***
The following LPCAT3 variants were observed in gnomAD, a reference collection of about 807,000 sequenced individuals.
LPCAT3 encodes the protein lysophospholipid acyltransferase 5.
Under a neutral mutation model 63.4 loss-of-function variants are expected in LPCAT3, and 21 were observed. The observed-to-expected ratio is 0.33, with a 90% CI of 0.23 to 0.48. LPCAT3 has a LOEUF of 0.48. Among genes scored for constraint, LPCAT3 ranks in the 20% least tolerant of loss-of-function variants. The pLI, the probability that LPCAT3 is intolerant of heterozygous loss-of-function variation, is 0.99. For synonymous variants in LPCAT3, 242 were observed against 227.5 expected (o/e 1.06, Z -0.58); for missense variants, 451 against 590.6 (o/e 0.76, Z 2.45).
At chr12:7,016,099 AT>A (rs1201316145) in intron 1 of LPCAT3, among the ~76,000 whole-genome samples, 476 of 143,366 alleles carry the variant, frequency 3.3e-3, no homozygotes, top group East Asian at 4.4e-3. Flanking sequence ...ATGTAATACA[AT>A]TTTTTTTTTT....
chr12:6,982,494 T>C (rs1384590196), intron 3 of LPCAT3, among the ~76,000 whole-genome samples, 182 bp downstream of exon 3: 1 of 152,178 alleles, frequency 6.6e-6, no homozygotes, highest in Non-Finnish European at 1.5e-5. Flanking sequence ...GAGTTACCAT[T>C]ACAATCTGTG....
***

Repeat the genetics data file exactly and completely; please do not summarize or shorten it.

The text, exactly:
The following LPCAT3 variants were observed in gnomAD, a reference collection of about 807,000 sequenced individuals.
LPCAT3 encodes the protein lysophospholipid acyltransferase 5.
Under a neutral mutation model 63.4 loss-of-function variants are expected in LPCAT3, and 21 were observed. The observed-to-expected ratio is 0.33, with a 90% CI of 0.23 to 0.48. LPCAT3 has a LOEUF of 0.48. Among genes scored for constraint, LPCAT3 ranks in the 20% least tolerant of loss-of-function variants. The pLI, the probability that LPCAT3 is intolerant of heterozygous loss-of-function variation, is 0.99. For synonymous variants in LPCAT3, 242 were observed against 227.5 expected (o/e 1.06, Z -0.58); for missense variants, 451 against 590.6 (o/e 0.76, Z 2.45).
At chr12:7,016,099 AT>A (rs1201316145) in intron 1 of LPCAT3, among the ~76,000 whole-genome samples, 476 of 143,366 alleles carry the variant, frequency 3.3e-3, no homozygotes, top group East Asian at 4.4e-3. Flanking sequence ...ATGTAATACA[AT>A]TTTTTTTTTT....
chr12:6,982,494 T>C (rs1384590196), intron 3 of LPCAT3, among the ~76,000 whole-genome samples, 182 bp downstream of exon 3: 1 of 152,178 alleles, frequency 6.6e-6, no homozygotes, highest in Non-Finnish European at 1.5e-5. Flanking sequence ...GAGTTACCAT[T>C]ACAATCTGTG....